You know, if NASA needs ideas or help with inflatable habitats maybe they should be working with Bigelow Aerospace. They might be able to learn a thing or two from a private company that has two inflatable habitats that have been orbiting earth for half a decade.
Personally I'm very excited for their planned 2014-2015 launch of their next habitat that should be going up on a SpaceX rocket. This could really kick off a lot of awesome things with an actual commercial space station in orbit.
Oi, the whole problem here is this Executive Agreement of is over matters that Congress controls. It's not about making new laws its about entering into agreements on a subject the Executive branch has no jurisdiction over.
The Executive Branch is co-equal with the Legislative and Judicial Branches. One does not work for the other, and the letter that was sent by Mr. Wyden makes it seem as if this is something about which he is unaware.
Right, but they all have their own areas they are responsible for and neither copyright nor foreign trade matters are under the jurisdiction of the executive branch.
Obviously, Mr. Wyden is aware of this since he is, after all, a lawyer. I am curious how he would react were he to receive a somewhat equivalent letter from the President asking him to articulate the basis under which Congress is proceeding on a legislative matter. I believe we all know the answer.
Actually I hope Wyden does not know what you claim he does because he is a lawyer, he should know how the government actually works. Furthermore if the president were to say ask why congress was trying to direct troop deployment or other military matters then I would hope they would give a serious answer. Since Congress has not been trying to impinge on the Executive branches privileges this of course has not happened.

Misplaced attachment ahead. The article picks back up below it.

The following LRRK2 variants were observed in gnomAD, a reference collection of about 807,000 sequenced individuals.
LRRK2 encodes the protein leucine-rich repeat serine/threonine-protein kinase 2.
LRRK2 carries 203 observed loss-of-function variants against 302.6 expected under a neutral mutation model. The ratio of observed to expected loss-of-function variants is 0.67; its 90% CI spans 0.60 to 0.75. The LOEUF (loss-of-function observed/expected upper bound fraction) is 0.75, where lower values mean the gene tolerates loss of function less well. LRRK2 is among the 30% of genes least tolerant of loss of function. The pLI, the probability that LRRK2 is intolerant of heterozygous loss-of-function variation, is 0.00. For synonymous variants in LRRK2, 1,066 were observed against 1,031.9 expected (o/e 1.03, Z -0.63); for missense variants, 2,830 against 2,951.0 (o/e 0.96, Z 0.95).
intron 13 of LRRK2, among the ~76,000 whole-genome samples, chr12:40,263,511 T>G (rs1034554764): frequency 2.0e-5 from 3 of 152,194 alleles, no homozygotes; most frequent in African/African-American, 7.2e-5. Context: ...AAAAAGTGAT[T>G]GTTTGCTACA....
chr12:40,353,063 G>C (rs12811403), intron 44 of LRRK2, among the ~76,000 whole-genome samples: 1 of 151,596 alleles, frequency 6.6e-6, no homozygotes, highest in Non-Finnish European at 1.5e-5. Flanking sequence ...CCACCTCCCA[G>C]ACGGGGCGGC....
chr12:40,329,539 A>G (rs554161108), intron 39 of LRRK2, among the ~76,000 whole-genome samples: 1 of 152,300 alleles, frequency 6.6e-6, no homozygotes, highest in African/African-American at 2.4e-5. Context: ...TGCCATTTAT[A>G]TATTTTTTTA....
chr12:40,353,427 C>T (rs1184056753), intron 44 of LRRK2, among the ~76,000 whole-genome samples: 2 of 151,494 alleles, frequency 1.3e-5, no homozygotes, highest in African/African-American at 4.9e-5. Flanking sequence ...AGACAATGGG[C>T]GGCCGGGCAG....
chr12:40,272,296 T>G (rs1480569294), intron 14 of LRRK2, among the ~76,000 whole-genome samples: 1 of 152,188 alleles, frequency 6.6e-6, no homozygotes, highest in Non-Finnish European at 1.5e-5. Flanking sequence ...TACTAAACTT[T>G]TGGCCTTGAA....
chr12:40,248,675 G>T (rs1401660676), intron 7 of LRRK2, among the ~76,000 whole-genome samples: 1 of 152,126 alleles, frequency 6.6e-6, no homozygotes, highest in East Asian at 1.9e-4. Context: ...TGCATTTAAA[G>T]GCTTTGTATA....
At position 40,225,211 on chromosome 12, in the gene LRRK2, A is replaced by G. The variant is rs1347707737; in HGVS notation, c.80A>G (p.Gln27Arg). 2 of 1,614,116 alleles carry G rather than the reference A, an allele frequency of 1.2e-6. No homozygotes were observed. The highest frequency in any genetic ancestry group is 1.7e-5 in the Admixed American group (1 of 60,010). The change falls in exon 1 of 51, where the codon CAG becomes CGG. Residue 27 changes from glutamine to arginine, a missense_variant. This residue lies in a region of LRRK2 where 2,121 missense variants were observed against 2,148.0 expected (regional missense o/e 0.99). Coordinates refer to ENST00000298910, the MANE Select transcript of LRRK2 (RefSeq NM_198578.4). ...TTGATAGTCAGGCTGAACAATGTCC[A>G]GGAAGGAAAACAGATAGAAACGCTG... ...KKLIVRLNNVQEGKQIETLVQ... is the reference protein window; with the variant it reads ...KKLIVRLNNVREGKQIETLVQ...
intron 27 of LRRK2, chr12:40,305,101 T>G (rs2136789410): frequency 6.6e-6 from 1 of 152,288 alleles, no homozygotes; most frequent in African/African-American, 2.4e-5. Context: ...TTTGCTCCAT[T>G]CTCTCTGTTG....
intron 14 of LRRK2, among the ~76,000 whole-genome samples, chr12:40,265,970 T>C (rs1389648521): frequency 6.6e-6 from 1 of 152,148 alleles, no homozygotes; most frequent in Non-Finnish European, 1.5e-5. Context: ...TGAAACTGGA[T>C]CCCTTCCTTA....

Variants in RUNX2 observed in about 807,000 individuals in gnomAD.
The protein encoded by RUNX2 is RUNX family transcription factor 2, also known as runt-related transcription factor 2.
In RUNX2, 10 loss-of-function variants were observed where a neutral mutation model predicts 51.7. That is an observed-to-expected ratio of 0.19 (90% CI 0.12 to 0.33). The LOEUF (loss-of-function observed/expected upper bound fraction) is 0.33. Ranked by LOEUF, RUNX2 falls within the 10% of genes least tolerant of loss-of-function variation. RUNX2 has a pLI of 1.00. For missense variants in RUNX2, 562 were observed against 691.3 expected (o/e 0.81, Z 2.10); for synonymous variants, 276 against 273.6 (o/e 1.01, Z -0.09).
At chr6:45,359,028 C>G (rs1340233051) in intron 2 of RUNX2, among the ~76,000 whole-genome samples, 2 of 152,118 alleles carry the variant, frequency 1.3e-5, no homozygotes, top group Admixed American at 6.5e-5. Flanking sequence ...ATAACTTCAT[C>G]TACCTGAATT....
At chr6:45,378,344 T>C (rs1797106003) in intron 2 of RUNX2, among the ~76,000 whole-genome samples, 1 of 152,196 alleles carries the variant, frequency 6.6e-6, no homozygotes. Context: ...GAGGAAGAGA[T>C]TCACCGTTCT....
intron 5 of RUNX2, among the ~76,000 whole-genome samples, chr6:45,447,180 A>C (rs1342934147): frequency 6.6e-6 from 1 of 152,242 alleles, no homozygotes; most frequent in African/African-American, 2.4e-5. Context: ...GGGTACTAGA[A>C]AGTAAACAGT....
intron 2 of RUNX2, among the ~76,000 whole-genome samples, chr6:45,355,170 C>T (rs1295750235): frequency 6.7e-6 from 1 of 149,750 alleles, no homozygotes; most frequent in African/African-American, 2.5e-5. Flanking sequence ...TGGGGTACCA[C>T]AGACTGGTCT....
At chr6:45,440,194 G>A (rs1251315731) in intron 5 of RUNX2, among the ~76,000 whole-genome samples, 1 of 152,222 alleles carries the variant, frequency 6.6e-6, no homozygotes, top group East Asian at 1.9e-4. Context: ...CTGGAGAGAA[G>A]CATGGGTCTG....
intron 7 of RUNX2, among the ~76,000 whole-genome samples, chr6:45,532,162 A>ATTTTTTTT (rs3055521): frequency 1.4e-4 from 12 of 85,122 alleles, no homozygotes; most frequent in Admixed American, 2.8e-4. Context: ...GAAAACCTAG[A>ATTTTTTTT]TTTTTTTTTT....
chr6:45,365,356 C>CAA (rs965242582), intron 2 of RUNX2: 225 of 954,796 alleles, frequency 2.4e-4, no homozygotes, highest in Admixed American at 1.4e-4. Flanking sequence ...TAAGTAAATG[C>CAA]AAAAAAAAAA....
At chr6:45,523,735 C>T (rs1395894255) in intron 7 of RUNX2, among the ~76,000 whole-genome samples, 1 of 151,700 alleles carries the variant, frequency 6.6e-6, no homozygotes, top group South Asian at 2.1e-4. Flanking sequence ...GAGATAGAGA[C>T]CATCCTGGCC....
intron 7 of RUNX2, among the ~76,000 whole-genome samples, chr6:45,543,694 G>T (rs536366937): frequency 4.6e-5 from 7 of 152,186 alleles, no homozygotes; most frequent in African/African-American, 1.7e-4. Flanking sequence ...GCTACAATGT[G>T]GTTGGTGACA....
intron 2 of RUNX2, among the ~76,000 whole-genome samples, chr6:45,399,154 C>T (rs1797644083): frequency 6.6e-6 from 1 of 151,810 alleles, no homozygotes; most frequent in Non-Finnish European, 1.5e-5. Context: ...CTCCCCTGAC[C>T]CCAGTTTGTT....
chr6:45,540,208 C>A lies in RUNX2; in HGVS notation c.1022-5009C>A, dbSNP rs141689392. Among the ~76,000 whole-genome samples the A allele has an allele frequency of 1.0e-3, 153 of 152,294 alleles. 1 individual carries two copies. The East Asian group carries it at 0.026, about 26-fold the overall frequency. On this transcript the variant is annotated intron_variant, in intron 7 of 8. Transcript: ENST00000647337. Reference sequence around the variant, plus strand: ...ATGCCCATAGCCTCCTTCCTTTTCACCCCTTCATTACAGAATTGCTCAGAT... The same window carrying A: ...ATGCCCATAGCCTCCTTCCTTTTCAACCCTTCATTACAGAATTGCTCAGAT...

BTW,based upon the specific language used in his letters, it is abundantly clear that they are being ghost-written by persons outside of our federal government. I say this because I have seen virtually the identical language used in communications prepared by at least one of the so-called "civil societies".
Well since even you say that '[evil quote marks]'civil societies'[/evil quote marks]' are asking the same thing and they and the government are supposed to be representing and working for the people I fail to see an issue here (if its even true). This is FAR less of an issue than say corporations writing legislation for us and politicians passing it without even reading it.
Did you and I even read the same article? This is about Wyden finally getting a response from the USTR, realizing the answer had nothing to do with what he asked and asking more questions again. How is this not a worthy update?
On top of that how can you say it was answered to Wyden's satisfaction originally when he turns around and asks for them to actually answer the questions he asked?